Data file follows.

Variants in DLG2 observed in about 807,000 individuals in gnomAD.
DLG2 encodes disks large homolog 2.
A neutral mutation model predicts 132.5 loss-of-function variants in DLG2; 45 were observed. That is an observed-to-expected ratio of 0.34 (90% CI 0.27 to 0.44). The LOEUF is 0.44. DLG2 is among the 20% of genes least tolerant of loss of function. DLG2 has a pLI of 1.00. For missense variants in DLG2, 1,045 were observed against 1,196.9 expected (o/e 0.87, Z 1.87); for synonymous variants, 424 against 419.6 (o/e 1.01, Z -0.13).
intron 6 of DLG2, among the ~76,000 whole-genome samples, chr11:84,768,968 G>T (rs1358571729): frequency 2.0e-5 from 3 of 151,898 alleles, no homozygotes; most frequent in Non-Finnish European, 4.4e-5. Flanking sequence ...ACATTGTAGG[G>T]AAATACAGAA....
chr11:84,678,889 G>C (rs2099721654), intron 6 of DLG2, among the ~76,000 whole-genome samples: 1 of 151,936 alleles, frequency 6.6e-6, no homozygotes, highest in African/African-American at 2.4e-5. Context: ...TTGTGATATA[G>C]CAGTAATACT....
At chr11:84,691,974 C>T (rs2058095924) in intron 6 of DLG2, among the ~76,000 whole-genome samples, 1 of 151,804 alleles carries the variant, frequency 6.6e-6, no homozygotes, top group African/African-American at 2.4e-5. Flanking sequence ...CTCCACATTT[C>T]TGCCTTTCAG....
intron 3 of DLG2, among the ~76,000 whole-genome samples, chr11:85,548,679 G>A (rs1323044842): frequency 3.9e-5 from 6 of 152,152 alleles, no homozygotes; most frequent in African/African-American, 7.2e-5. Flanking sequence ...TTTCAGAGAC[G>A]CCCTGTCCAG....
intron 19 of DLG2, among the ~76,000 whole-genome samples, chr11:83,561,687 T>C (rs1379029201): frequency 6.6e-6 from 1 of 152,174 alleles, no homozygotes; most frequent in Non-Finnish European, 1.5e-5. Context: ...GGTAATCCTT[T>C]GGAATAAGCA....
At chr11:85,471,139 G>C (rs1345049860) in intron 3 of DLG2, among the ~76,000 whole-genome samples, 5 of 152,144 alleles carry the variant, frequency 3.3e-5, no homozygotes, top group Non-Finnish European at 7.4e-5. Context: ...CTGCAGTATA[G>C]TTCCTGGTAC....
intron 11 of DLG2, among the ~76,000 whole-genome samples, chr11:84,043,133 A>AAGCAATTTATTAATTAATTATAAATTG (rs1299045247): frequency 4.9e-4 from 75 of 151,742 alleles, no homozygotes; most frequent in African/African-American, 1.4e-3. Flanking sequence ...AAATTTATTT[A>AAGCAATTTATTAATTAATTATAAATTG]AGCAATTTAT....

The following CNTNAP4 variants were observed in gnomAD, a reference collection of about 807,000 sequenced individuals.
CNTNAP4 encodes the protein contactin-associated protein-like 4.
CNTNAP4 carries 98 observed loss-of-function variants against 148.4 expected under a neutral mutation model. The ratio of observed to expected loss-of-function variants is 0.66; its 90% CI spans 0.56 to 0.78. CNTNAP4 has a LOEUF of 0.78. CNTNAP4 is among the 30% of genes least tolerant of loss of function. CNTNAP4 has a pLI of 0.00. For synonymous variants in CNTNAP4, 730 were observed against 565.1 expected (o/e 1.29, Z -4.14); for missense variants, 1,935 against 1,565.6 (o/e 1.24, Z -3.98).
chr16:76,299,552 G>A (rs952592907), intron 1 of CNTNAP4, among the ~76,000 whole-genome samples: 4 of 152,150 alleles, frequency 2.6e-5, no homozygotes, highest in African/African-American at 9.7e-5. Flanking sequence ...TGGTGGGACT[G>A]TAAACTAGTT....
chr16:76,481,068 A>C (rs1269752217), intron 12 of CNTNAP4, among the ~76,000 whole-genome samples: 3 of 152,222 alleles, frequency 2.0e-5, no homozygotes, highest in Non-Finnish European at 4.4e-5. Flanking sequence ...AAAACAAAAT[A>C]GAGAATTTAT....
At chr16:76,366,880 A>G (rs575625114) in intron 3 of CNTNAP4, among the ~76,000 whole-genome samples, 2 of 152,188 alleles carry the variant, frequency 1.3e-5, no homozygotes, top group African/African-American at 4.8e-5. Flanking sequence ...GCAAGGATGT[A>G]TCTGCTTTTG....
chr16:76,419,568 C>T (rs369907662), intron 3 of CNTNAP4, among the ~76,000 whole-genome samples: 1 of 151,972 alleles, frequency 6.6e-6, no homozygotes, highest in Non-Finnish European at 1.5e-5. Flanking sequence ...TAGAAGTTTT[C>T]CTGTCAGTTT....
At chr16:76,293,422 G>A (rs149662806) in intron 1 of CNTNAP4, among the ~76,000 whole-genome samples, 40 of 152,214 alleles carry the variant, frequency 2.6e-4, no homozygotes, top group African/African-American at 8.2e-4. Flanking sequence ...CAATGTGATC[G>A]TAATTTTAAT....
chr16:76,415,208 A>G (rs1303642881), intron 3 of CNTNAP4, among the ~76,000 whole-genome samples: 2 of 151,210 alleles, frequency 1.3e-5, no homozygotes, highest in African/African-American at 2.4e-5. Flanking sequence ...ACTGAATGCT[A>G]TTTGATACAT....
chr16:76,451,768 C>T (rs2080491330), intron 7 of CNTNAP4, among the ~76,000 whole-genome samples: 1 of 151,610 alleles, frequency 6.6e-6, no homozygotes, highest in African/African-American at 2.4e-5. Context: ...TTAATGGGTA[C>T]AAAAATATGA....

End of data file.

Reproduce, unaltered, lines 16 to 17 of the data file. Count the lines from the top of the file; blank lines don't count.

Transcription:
At chr16:76,366,880 A>G (rs575625114) in intron 3 of CNTNAP4, among the ~76,000 whole-genome samples, 2 of 152,188 alleles carry the variant, frequency 1.3e-5, no homozygotes, top group African/African-American at 4.8e-5. Flanking sequence ...GCAAGGATGT[A>G]TCTGCTTTTG....
chr16:76,419,568 C>T (rs369907662), intron 3 of CNTNAP4, among the ~76,000 whole-genome samples: 1 of 151,972 alleles, frequency 6.6e-6, no homozygotes, highest in Non-Finnish European at 1.5e-5. Flanking sequence ...TAGAAGTTTT[C>T]CTGTCAGTTT....